But looking inside that black box is precisely what Z STREET wants.  It is the only way to determine whether the IRS violated the constitutional rights of Z STREET and of any other organization which complains, at any time, of a discriminatory process employed by the IRS in making its determinations.

Judge Brown asked Z STREET’s lawyer, Jerome M. Marcus, whether the organization could use the Freedom of Information Act to get at the information it is seeking in its lawsuit.

Marcus pointed out that route would not be productive. There are numerous FOIA exceptions which the IRS would certainly use as a shield to prevent the black box from being opened. FOIA is not an option.

Nope, it’s either a court which will allow citizens who believe their constitutional rights have been violated by the IRS to provide the mechanism to find out, or the IRS will be, as so many Americans already believe it to be, a rogue agency able to act with impunity, and able to invoke immunity from prying eyes.

So it comes down to this: Z STREET has alleged that the IRS employed a constitutionally tainted process to evaluate certain applicants for tax exempt status, while the IRS’s position is that there is no way for any complainant to inquire about that process.

IRS INSISTS A “GOOD ENOUGH” REMEDY IS ADEQUATE EVEN FOR UNCONSTITUTIONAL GOVERNTMENT ACTS

The second thing the IRS did, through its DOJ lawyers, was insist that Z STREET should not be and will not be able to get the relief they want. An organization – in this case, Z STREET, but it would apply to any organization – claiming the IRS violated its Constitutional rights should be satisfied with a “good enough” remedy – “not perfect,” but good enough.

That this is the IRS position came through in the gentle – mostly – probing from Judge Jackson, who understood that the IRS desperately wants to prevent Z STREET from looking inside its black box.

Judge Jackson understood that what Z STREET wants, and the reason it filed its lawsuit in August, 2010, is to find out whether, as it believes, the IRS discriminated against the pro-Israel organization because of its political position.  And the only way to find out whether that is the case is not to merely wait and see whether it is approved or denied the opportunity to be a tax exempt non-profit corporation.  The only way to make that determination is to open up the black box of the IRS Exempt Organizations Determinations unit and look inside, and see whether the process the IRS used was a constitutionally valid one or an invalid one.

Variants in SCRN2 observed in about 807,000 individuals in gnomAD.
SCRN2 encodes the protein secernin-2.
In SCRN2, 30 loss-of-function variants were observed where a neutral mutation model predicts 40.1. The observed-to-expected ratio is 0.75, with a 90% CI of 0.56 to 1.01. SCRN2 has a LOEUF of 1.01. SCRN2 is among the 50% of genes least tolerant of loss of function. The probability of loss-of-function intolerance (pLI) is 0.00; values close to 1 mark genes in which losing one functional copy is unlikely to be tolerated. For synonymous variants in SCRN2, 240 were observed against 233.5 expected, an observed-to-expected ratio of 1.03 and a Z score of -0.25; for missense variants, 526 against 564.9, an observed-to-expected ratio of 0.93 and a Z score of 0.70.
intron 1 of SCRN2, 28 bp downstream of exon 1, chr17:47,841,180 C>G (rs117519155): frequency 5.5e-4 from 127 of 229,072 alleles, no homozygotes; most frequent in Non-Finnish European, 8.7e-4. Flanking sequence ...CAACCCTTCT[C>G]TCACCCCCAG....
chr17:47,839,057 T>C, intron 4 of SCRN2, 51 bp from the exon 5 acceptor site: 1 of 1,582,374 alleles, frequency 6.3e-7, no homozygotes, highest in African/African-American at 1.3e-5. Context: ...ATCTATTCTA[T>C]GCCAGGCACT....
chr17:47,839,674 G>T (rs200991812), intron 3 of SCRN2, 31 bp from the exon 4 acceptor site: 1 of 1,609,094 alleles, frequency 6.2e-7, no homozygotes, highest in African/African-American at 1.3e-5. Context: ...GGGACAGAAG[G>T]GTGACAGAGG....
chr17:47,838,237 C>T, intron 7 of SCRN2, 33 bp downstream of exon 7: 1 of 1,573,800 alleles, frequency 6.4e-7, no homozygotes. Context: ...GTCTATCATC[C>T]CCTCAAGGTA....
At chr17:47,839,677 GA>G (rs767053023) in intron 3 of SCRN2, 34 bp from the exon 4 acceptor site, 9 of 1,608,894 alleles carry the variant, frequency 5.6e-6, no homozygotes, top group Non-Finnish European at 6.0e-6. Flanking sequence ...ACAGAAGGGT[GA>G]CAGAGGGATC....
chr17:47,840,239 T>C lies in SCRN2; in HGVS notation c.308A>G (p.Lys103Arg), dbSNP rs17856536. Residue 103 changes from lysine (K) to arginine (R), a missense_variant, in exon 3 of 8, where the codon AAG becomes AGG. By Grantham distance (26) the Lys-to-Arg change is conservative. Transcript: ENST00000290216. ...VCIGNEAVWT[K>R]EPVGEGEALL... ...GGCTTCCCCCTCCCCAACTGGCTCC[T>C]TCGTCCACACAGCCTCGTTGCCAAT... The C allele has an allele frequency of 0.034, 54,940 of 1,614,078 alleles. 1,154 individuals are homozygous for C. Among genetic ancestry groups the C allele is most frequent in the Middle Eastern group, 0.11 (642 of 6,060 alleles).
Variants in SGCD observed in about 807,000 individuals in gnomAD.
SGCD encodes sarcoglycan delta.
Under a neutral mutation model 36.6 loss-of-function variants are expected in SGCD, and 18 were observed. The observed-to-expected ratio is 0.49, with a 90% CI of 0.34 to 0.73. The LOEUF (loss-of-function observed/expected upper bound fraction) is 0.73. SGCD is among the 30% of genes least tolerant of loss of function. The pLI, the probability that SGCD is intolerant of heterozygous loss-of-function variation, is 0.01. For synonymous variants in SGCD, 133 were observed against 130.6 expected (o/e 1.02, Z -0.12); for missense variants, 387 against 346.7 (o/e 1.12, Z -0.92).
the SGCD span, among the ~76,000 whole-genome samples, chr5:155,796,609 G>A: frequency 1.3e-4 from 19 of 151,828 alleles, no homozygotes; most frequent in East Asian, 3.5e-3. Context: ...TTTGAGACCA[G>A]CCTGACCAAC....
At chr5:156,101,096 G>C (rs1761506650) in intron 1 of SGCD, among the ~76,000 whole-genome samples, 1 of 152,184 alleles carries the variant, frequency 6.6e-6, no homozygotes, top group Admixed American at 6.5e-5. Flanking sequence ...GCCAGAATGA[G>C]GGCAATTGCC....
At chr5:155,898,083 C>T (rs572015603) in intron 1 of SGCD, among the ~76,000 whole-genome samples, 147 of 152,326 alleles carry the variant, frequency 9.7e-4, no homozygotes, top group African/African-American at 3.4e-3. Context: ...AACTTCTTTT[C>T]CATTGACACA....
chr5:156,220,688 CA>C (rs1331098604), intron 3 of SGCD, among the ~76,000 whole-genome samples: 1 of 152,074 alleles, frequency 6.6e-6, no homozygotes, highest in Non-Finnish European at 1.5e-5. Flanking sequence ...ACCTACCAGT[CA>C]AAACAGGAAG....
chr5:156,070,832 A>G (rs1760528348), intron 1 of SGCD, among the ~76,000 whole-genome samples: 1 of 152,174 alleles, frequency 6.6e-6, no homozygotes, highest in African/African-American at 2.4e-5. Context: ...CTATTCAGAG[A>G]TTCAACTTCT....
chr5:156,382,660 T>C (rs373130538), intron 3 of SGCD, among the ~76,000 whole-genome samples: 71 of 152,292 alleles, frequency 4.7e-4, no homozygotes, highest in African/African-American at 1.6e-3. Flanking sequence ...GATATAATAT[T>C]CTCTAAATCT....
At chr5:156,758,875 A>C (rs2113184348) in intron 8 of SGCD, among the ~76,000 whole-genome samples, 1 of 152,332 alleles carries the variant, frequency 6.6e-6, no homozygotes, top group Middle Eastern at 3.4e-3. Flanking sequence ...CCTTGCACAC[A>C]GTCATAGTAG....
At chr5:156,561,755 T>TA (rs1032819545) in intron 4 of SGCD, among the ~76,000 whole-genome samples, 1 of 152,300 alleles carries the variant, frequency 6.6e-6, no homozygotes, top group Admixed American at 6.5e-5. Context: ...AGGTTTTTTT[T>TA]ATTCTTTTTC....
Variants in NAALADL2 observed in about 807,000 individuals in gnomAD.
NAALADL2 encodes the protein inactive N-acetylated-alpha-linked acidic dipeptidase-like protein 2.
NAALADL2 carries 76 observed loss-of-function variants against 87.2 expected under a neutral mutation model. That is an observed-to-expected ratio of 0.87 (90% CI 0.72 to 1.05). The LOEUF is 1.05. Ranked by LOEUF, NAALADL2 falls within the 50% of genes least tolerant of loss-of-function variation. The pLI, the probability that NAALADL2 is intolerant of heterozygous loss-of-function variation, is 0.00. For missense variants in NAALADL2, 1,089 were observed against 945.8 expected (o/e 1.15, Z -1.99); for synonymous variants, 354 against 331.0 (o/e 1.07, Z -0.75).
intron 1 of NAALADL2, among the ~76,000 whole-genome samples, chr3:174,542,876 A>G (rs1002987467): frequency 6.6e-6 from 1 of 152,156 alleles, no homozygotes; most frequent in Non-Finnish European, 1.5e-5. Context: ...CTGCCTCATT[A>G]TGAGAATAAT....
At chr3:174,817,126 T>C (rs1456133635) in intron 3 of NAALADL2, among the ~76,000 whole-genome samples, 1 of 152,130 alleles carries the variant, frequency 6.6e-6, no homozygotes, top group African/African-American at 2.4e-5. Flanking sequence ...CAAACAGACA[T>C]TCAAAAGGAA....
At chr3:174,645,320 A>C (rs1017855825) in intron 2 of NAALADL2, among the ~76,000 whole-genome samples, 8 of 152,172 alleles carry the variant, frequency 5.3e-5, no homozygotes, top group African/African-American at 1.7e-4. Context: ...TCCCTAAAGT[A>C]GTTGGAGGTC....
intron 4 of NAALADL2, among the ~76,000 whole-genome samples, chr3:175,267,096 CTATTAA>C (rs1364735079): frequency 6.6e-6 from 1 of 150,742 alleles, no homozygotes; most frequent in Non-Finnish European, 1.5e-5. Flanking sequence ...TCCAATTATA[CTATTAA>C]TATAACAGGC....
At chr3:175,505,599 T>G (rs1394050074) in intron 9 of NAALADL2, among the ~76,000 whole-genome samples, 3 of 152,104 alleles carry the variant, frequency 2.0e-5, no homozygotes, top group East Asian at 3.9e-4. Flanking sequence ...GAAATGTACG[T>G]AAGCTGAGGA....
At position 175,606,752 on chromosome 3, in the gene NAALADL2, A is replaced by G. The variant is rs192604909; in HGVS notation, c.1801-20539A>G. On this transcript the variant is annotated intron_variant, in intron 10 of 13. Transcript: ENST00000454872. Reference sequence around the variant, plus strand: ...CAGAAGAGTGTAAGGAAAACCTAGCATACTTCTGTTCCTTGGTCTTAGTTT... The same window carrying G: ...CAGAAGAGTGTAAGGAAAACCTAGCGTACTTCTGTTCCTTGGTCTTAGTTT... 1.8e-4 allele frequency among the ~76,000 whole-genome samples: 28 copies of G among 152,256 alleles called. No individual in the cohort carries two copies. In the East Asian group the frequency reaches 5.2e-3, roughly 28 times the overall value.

Marcus explained: “if the IRS was sending applicants with blue eyes to wait behind Door Number One, through which they will pass without any delay, but the IRS was sending applicants with green eyes to wait behind Door Number Two, where what awaits them is a different, and more lengthy examination, then the minute Green Eyes are sent to wait behind Door Number Two is the moment a constitutional violation occurs.”

“And the moment that constitutional violation occurs and the Green Eyes become aware that they were sent someplace different, and were subject to a process more onerous than were the Blue Eyes, is the moment they have been discriminated against and, therefore, the time to raise that constitutional claim in court.”

The position of the IRS is one that means no one can ever find out if the IRS acted in an unconstitutional manner, all they can do is find out whether they can get, or be denied, tax exempt status.  That would put the IRS above the Constitution.  That cannot be right.

Judge Jackson will take the court filings and the arguments raised in court on July 19, under advisement.  There is no timetable for when she will rule.

Full Disclosure: This reporter is the president of Z STREET

About the Author: Lori Lowenthal Marcus is the US correspondent for The Jewish Press. She is a recovered lawyer who previously practiced First Amendment law and taught in Philadelphia-area graduate and law schools.


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10 Responses to “IRS fears Disclosure Above All Else, Offer Made in Court Confirms”

  1. Robin Yvonne says:

    It's time to expose the IRS as just another political tool for Obama. I bet if Z Street gets to look into that "black box" they will find Obama's name all over it!

  2. Dennis Brody says:

    Perfect !!!

  3. Jeff Kletman says:

    Get Lerner on the stand and make her testify under oath.

  4. Gary Moss says:

    She would have trouble asserting her 5th Amendment Rights in a civil trial in which she isn't a party.

  5. Joe Jadczak says:

    She thinks she's above the law! SHE IS NOT!!!!

  6. Steven Gerson says:

    This should be in mainstream news, until then it will be buried.

  7. Mazel tov! This is a very important case and you are very courageous.

Comments are closed.